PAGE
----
Suppose that the length of a phone call, in minutes, is an exponential random variable with decay parameter = \(\dfrac{1}{12}\). If another person arrives at a public telephone just before you, find the probability that you will have to wait more than five minutes. Let \(X\) = the length of a phone call, in minutes.

What is \(m\), \(\mu\), and \(\sigma\)? The probability that you must wait more than five minutes is _______ .

**Answer**

- \(m = \dfrac{1}{12}\)
- \(\mu = 12\)
- \(\sigma = 12\)

\(P(x > 5) = 0.6592\)

Exercise 5.4.4

Suppose that the distance, in miles, that people are willing to commute to work is an exponential random variable with a decay parameter \(\dfrac{1}{20}\). Let \(S =\) the distance people are willing to commute in miles. What is \(m\), \(\mu\), and \(\sigma\)? What is the probability that a person is willing to commute more than 25 miles?

**Answer**

\[m = \dfrac{1}{20}\); \(\mu = 20\); \(\sigma = 20\); \(P(x > 25) = 0.2865\]

Example \(\PageIndex{5}\)

The time spent waiting between events is often modeled using the exponential distribution. For example, suppose that an average of 30 customers per hour arrive at a store and the time between arrivals is exponentially distributed.

- On average, how many minutes elapse between two successive arrivals?
- When the store first opens, how long on average does it take for three customers to arrive?
- After a customer arrives, find the probability that it takes less than one minute for the next customer to arrive.
- After a customer arrives, find the probability that it takes more than five minutes for the next customer to arrive.
- Seventy percent of the customers arrive within how many minutes of the previous customer?
- Is an exponential distribution reasonable for this situation?

**Answer**

- Since we expect 30 customers to arrive per hour (60 minutes), we expect on average one customer to arrive every two minutes on average.
- Since one customer arrives every two minutes on average, it will take six minutes on average for three customers to arrive.
- Let \(X =\) the time between arrivals, in minutes. By part a, \(\mu = 2\), so \(m = \dfrac{1}{2} = 0.5\).

Therefore, \(X \sim Exp(0.5)\).

The cumulative distribution function is \(P(X < x) = 1 – e(–0.5x)^{e}\).

**Therefore**\(P(X < 1) = 1 - e^{(–0.5)(1)} \approx 0.3935\).\(1 - e^(–0.5) \approx 0.3935\)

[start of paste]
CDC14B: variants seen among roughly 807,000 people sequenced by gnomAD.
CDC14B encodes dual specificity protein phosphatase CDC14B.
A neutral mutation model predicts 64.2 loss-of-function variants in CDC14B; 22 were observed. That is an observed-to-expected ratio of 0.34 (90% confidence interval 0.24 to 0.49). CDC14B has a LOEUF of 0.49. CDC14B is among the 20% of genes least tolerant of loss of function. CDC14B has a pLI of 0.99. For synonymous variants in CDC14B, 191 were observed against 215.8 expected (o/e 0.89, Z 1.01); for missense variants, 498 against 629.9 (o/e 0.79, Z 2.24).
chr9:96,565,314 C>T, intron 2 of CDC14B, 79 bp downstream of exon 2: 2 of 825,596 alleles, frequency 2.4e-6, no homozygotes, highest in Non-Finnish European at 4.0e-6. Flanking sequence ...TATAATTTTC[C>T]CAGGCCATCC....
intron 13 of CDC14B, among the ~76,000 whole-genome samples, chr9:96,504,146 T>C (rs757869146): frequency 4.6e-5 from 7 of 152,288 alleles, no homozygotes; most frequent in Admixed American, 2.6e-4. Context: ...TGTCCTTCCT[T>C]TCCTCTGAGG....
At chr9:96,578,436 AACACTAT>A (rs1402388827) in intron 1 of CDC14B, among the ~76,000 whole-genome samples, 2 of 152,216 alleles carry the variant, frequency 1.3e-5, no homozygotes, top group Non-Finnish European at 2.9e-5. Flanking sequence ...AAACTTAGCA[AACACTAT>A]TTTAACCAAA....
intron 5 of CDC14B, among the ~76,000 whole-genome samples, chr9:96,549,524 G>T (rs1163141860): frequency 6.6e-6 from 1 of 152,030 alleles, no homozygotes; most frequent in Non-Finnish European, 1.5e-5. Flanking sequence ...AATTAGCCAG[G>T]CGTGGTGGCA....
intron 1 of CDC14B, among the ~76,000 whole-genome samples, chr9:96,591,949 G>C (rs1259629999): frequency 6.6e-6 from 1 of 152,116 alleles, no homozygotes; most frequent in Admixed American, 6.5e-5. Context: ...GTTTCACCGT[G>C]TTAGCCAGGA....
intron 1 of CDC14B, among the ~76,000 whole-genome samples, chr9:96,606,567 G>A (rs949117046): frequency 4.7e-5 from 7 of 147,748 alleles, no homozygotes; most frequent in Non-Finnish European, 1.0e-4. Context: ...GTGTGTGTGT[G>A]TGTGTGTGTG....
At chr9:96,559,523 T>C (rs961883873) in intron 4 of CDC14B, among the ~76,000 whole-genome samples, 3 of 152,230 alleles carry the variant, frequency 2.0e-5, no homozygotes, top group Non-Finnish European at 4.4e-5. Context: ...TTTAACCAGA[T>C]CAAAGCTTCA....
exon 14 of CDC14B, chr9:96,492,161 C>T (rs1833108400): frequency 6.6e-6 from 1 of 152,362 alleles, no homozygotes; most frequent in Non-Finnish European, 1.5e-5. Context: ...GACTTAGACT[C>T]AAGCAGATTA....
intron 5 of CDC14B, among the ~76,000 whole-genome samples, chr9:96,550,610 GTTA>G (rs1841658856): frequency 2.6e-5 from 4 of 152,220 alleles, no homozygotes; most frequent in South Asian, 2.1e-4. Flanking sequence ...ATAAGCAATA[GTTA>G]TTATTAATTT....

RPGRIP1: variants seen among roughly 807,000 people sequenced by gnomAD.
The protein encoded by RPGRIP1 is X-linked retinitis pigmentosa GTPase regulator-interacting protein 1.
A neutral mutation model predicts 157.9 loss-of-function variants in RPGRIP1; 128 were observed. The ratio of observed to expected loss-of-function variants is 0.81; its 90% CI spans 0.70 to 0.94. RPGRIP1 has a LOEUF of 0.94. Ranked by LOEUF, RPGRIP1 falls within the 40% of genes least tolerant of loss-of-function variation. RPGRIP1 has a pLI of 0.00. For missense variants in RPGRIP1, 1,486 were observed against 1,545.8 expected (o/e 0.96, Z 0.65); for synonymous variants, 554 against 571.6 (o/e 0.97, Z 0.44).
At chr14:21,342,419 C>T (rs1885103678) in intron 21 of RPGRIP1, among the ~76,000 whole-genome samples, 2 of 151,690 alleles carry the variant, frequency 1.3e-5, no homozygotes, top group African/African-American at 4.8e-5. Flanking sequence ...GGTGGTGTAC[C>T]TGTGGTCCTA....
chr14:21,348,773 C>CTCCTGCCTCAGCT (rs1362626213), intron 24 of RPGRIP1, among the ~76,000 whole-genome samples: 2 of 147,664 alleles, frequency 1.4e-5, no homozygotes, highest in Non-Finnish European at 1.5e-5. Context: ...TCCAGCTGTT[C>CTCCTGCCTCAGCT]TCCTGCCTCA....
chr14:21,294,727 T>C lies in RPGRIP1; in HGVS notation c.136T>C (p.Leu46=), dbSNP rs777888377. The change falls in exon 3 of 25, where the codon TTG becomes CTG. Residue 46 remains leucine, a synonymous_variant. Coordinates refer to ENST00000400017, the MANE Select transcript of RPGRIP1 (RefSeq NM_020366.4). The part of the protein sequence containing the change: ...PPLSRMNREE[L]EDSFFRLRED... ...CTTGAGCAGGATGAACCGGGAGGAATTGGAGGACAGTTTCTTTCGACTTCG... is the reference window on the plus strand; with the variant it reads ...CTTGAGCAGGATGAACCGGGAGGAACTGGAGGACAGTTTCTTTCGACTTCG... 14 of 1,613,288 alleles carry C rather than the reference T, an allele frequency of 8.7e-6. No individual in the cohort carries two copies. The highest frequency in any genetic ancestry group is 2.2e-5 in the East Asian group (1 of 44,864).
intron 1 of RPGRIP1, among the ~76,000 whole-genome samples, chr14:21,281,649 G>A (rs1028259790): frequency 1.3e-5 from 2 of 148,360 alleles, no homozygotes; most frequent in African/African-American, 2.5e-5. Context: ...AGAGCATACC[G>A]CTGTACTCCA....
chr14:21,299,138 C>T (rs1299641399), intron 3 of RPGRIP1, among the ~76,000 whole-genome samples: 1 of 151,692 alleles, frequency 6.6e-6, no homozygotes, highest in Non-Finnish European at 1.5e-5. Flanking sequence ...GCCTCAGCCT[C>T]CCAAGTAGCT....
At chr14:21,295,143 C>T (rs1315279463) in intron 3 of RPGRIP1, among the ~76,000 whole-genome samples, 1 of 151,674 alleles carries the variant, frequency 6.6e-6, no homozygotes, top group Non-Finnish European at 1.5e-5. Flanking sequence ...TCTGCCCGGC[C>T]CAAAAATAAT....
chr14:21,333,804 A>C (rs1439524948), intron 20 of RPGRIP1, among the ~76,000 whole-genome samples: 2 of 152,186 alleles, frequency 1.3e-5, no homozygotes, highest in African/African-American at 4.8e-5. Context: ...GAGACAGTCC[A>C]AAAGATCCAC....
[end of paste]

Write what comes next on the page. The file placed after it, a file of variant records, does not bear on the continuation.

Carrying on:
\(P(X > 5) = 1 - P(X < 5) = 1 - (1 - e^{(-5)(0.5)}) = e^{-2.5} \approx 0.0821\).*Figure \(\PageIndex{8}\).**Figure \(\PageIndex{9}\).*\(1 - (1 - e^{( – 5*0.5)}\) or \(e^{(-5*0.5)}\)

- We want to solve \(0.70 = P(X < x)\) for \(x\).

Substituting in the cumulative distribution function gives \(0.70 = 1 – e^{–0.5x}\), so that \(e^{–0.5x} = 0.30\). Converting this to logarithmic form gives \(-0.5x = ln(0.30)\), or \(x = \dfrac{ln(0.30)}{-0.5} \approx 2.41\) minutes.

Thus, seventy percent of customers arrive within 2.41 minutes of the previous customer.

You are finding the 70^{th}percentile \(k\) so you can use the formula \(k = \dfrac{ln(1-\text{Area To The left Of k})}{-m}\)

\(k = \dfrac{ln(1-0.70)}{(-0.5)} \approx 2.41\) minutes

This model assumes that a single customer arrives at a time, which may not be reasonable since people might shop in groups, leading to several customers arriving at the same time. It also assumes that the flow of customers does not change throughout the day, which is not valid if some times of the day are busier than others.*Figure \(\PageIndex{10}\).*

Exercise \(\PageIndex{5}\)

Suppose that on a certain stretch of highway, cars pass at an average rate of five cars per minute. Assume that the duration of time between successive cars follows the exponential distribution.

- On average, how many seconds elapse between two successive cars?
- After a car passes by, how long on average will it take for another seven cars to pass by?
- Find the probability that after a car passes by, the next car will pass within the next 20 seconds.
- Find the probability that after a car passes by, the next car will not pass for at least another 15 seconds.

**Answer**

- At a rate of five cars per minute, we expect \(\dfrac{60}{5} = 12\) seconds to pass between successive cars on average.